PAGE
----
Legacy Record - This information may be included in the List Entry Details.

Details

The monument includes the buried and earthwork remains of the moated site and medieval settlement remains of Throckmorton in three areas of protection. The monument is situated on high ground approximately five kilometres to the north east of Pershore and lies on heavy clay. The village of Throckmorton is not mentioned in the Domesday survey, being a chapelry of Fladbury parish until 1974, although it is mentioned as having three `mansae' in a charter from around 1020 of Wulfstan, Archbishop of Worcester and York. It is therefore believed to have been well established prior to the Norman Conquest. The settlement at Throckmorton contracted during the medieval period, but there was an increase in population in the post-medieval period, resulting in new settlement in the centre of the village. The medieval settlement is believed to have been focussed on a double row of planned closes running north to south, parallel to the line of Long Lane with unplanned post-medieval occupation remains occupying the area to the south and east of the church. The modern village occupies the areas mainly to the north west and north east of the medieval and post-medieval settlement. The first area of protection is located immediately to the north east, east, and south of the church. It includes the moated site, (believed to be the original manorial site) settlement and ridge and furrow cultivation remains. Both the church and the churchyard are in use and are not therefore included in the scheduling. The moat, which is located to the north east of the church, is water-filled and measures, for the most part, approximately 4m to 6m wide by 1m to 2m deep. The southern arm has, however, been widened to approximately 10m to 14m, probably for use as a sheepdip. Water is supplied at the north east corner by a leat leading from the stream which runs parallel to the southern arm, and drains into the stream at the south west corner. Access to the moat island, which is approximately 0.5m higher than the surrounding land on the west side, is via a modern steel bridge in the south west corner. This bridge is excluded from the scheduling, although the ground beneath it is included. The island measures 62m by 34m and is trapezoidal in shape, being wider at its southern end. The island is generally level, although it is reported that building stones have been found at a depth of approximately 0.5m below the present surface of the island. To the south and east of the church are further earthworks which represent medieval and post-medieval settlement remains and ridge and furrow cultivation remains. Immediately to the east of the church is a building platform believed to be the remains of a post-medieval timber-framed cottage which was demolished in 1940. To the east of this are at least two further building platforms and a large artificially hollowed area which is bordered to the south by a hollow way. Lying to the south of these features are medieval ridge and furrow cultivation remains, whilst to the south and south west of the church are further ridge and furrow remains, which are interrupted by irregular low earthworks consisting of a number of platforms and banks and ditches believed to represent deposits relating to post-medieval settlement. To the south west of the ridge and furrow, bordered to the west by Long Lane and to the south by Bishampton Road, are a further series of irregular building platforms, on which stone foundations were recorded in 1989, enclosures, and hollow ways. These earthworks are believed to represent the northern area of the double row of planned closes running north to south along the line of Long Lane, and include a large platform approximately 28m by 36m which has in the past been utilised as an orchard, as well as a hollow way approximately 8m wide by 1m to 2m deep located in the close at the south west corner, by the parish hall. The hollow way runs approximately 15m east to west, beyond which it has been infilled, and north to south for approximately 20m. On the east side of Long Lane in the vicinity of Court Farm, regular enclosures of approximately 60m by 40m and hollow ways as well as a small moated site approximately 60m by 34m were recorded to the north of Court Farm. These earthworks are now very degraded and the moated site has been almost completely infilled: they are not therefore included in the scheduling. The second area of protection is located to the west of Long Lane and south of Lower House Farm, and includes the earthwork remains of the westernmost area of the medieval settlement. Beyond this lie ridge and furrow cultivation remains which are not included in the scheduling. The settlement remains include the earthwork and buried remains of house platforms, enclosures, hollow ways and ponds believed to represent the western row of the main medieval settlement. In the north western part of this area and south west of Lower House Farm, bounded to the west by Pershore airfield and to the north by the ridge and furrow cultivation remains, is an enclosure measuring 40m by 24m, which is defined to the north and south by hollow ways approximately 4m wide by 0.5m to 1m deep. To the east of this feature is a 16m by 24m pond which has, to its north, further earthworks including a number of house platforms. To the south of the pond are other earthworks including at least one house platform measuring 16m by 24m. South of the enclosure, bounded to the west by Pershore airfield and to the east by the rear gardens of `College Row' is a small area of medieval ridge and furrow cultivation and a pond, approximately 8m by 18m, which has been truncated at its eastern end by infilling for the gardens of `College Row'. South east of this area, irregular earthwork settlement remains include banks, ditches, at least one house platform and an irregularly shaped pond. It is recorded that a smithy and a post-medieval cottage stood in these fields until they were demolished in 1940. Located to the east of Long Lane is the third area of protection which includes further medieval settlement remains and ponds to the south and south west of Court Farm. Court Farm contains the oldest secular buildings in Throckmorton. These consist of Throckmorton Court, a timber-framed medieval manor house with surviving hall and solar built around 1500 and a timber-framed barn of the same date incorporating reused timbers. The western service bay of Throckmorton Court has been demolished. Throckmorton Court and the barn, Listed Grade II* and Grade II respectively, are excluded from the scheduling, although the ground beneath them is included. South of Throckmorton Court are two linear ponds, the easternmost running for 80m east to west and having an extension 20m from the west end which runs northwards for 40m. This extension formerly ran for at least 70m and enclosed the house on its eastern side. The western pond runs south for 60m from the point where it lies adjacent to the eastern pond. This pond also used to extend to the north for at least 38m and may have enclosed the house on its western side. The former extension to this pond is visible as a dry earthwork hollow. It is believed that these ponds originally formed a moated, or semi-moated, enclosure for an earlier building and were extended for use as fishponds before finally being ornamentalised as part of the setting for Throckmorton Court. Some traces of banks around the ponds are believed to represent formal walkways from this later use. To the south west of Court Farm are more earthwork remains of the medieval settlement which are believed to represent its southern extent. These survive as a continuation of the enclosures bordering Long Lane on its eastern side and contain at least three house platforms varying in size from 15m by 20m to 8m by 10m with at least five enclosures varying in size from 20m by 90m to 20m by 40m. Throckmorton Court, the timber-framed barn, all modern buildings, the metal bridge, fencing and surfaces are excluded from the scheduling, although the ground beneath them is included.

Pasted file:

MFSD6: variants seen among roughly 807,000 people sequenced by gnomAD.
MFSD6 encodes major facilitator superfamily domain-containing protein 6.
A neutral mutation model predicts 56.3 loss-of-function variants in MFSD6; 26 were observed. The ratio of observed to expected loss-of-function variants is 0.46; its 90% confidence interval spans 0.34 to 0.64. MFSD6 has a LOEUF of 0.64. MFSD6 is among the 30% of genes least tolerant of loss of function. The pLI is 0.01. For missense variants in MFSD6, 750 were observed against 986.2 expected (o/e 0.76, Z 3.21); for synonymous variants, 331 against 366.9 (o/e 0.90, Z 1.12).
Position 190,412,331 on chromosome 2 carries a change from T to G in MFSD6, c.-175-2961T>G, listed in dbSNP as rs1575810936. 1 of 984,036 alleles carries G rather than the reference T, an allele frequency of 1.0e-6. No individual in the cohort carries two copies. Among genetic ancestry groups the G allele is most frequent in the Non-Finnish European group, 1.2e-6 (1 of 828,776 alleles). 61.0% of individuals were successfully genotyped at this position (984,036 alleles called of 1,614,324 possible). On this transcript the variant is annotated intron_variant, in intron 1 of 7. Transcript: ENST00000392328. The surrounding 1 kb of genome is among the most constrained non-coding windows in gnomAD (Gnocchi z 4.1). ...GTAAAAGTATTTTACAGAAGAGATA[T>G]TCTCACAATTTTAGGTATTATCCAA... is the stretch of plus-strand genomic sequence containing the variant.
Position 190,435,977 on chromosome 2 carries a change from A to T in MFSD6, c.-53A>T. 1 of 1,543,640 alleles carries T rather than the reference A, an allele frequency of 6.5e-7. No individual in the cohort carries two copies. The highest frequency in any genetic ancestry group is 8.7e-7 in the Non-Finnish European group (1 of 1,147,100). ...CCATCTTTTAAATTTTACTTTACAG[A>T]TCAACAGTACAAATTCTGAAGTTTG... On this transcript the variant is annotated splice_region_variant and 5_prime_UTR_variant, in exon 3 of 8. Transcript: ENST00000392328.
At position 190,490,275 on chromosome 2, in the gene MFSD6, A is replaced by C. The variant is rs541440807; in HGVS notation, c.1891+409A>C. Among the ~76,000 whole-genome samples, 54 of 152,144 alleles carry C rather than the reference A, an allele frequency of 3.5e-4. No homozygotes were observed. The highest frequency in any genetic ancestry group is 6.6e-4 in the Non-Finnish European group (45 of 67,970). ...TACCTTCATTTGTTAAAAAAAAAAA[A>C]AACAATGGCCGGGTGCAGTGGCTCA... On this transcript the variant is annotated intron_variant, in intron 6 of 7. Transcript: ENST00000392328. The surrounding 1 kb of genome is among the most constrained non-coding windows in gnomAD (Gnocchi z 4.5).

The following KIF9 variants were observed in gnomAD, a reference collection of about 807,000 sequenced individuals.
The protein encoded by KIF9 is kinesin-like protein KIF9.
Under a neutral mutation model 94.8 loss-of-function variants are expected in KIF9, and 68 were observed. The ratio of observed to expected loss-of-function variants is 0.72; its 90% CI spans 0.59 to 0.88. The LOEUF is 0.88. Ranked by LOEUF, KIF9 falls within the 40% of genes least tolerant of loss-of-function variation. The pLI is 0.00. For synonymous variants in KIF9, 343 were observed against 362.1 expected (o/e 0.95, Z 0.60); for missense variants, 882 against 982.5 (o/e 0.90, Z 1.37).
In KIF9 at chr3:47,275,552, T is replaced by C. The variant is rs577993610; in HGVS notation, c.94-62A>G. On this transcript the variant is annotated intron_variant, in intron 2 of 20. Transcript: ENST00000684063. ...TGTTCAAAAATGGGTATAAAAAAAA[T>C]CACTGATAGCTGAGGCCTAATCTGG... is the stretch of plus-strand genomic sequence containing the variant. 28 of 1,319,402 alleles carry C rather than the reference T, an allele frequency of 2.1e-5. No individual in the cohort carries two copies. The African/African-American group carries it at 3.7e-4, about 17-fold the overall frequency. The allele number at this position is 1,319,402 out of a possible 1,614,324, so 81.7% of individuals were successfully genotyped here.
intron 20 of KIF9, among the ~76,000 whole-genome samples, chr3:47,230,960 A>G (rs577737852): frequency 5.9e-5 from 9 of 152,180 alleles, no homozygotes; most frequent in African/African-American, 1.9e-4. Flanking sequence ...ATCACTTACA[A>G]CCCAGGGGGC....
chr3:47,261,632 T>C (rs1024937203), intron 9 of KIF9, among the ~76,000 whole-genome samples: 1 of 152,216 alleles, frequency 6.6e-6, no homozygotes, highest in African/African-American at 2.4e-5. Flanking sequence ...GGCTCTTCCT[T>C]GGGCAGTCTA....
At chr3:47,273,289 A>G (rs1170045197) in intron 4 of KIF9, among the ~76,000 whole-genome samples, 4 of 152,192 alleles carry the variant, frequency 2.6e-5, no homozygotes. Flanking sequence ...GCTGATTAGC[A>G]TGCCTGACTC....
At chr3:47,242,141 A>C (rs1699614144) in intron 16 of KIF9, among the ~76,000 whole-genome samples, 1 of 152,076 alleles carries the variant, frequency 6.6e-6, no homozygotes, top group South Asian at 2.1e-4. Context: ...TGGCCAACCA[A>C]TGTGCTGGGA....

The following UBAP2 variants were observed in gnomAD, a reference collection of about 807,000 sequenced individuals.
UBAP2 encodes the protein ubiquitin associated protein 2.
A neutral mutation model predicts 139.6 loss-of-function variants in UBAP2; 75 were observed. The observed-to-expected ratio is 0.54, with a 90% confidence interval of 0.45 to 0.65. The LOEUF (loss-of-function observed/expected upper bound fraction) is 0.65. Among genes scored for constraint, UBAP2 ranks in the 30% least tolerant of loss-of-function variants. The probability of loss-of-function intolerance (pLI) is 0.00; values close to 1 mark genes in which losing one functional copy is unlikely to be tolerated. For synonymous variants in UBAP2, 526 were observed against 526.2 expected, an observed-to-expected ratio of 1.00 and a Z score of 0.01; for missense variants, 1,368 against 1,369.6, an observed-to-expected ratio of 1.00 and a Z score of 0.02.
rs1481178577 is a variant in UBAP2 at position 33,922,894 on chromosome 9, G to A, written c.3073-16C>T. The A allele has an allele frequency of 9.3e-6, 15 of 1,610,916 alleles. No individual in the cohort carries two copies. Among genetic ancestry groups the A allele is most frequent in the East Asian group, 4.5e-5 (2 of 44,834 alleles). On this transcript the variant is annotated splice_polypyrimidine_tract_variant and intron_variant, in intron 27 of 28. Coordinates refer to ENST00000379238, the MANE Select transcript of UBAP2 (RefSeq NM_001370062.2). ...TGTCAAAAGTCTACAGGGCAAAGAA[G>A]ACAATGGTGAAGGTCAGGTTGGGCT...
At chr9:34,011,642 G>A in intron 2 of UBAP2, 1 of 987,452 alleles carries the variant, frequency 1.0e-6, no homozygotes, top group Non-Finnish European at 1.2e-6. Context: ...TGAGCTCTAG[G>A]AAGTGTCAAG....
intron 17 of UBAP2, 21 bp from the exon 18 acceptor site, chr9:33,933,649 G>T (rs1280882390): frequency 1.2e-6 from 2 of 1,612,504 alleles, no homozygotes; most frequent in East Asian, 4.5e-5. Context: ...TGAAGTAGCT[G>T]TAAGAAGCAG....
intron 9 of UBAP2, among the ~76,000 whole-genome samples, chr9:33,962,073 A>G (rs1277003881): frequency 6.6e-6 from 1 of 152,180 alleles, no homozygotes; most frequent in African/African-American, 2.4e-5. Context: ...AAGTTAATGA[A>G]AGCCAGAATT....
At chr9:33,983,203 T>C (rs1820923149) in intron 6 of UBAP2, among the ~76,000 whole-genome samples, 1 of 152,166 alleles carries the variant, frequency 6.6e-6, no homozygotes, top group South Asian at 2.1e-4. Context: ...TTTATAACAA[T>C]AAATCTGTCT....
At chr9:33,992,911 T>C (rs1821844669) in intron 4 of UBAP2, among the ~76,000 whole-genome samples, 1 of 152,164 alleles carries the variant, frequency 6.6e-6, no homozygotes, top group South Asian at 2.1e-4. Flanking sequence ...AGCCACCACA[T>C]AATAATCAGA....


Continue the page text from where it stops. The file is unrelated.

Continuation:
MAP EXTRACT The site of the monument is shown on the attached map extract.

Selected Sources

Books and journals
The Victoria History of the County, (1913), 352
Bond, C J, Throckmorton, (1970)
Cocroft, C, Throckmorton, Med and Post-Med Village Shrinkage, (1989)
Hughes, L, Field-walking and Surveying the SMV of Throckmorton, (1996)
Hughes, L, Field-walking and Surveying the SMV of Throckmorton, (1996)
Moger, O, Wragge, A, The Victoria History of the County, (1913), 352
Other
Bond, C.J., Provisional List of Moats in Worcestershire, (1972)
Cocroft, W, Half timbered manor house....with ornamental ponds, (1989)
SMR Records, (1960)
SO94SE 1, Cocroft, W., Moat, (1989)
Title: Ordnance Survey 6" Source Date: 1955 Author: Publisher: Surveyor:
various, (1960)

National Grid Reference: SO 98034 49431, SO 98125 49780, SO 98256 49434

Map

Map
© Crown Copyright and database right 2017. All rights reserved. Ordnance Survey Licence number 100024900.
© British Crown and SeaZone Solutions Limited 2017. All rights reserved. Licence number 102006.006.
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This copy shows the entry on 21-Nov-2017 at 06:31:25.

End of official listing